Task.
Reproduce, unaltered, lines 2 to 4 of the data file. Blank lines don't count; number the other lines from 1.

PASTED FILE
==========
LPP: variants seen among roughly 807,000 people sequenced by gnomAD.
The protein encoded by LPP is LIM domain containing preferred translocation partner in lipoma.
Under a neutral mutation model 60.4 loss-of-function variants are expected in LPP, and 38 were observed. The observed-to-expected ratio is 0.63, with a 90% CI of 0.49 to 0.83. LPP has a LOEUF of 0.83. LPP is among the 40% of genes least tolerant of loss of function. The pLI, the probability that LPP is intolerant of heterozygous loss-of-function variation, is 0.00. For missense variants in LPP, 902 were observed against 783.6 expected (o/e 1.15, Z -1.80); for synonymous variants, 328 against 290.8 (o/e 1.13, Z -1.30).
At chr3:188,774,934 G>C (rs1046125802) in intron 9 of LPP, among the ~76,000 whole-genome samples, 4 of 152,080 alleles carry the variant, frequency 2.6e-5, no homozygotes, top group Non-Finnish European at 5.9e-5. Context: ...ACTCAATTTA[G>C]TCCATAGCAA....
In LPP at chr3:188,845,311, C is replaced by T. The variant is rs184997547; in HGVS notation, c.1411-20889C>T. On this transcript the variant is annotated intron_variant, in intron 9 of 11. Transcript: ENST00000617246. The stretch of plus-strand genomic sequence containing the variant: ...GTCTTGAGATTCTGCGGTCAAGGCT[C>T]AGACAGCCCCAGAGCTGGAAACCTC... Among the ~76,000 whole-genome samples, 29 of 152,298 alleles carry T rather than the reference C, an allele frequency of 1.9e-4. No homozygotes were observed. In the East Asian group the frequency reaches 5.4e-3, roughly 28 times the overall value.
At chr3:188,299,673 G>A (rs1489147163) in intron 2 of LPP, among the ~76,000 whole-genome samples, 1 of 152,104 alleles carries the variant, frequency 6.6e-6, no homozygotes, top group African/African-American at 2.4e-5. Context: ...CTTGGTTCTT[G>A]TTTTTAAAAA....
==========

The protein encoded by LPP is LIM domain containing preferred translocation partner in lipoma.
Under a neutral mutation model 60.4 loss-of-function variants are expected in LPP, and 38 were observed. The observed-to-expected ratio is 0.63, with a 90% CI of 0.49 to 0.83. LPP has a LOEUF of 0.83. LPP is among the 40% of genes least tolerant of loss of function. The pLI, the probability that LPP is intolerant of heterozygous loss-of-function variation, is 0.00. For missense variants in LPP, 902 were observed against 783.6 expected (o/e 1.15, Z -1.80); for synonymous variants, 328 against 290.8 (o/e 1.13, Z -1.30).
At chr3:188,774,934 G>C (rs1046125802) in intron 9 of LPP, among the ~76,000 whole-genome samples, 4 of 152,080 alleles carry the variant, frequency 2.6e-5, no homozygotes, top group Non-Finnish European at 5.9e-5. Context: ...ACTCAATTTA[G>C]TCCATAGCAA....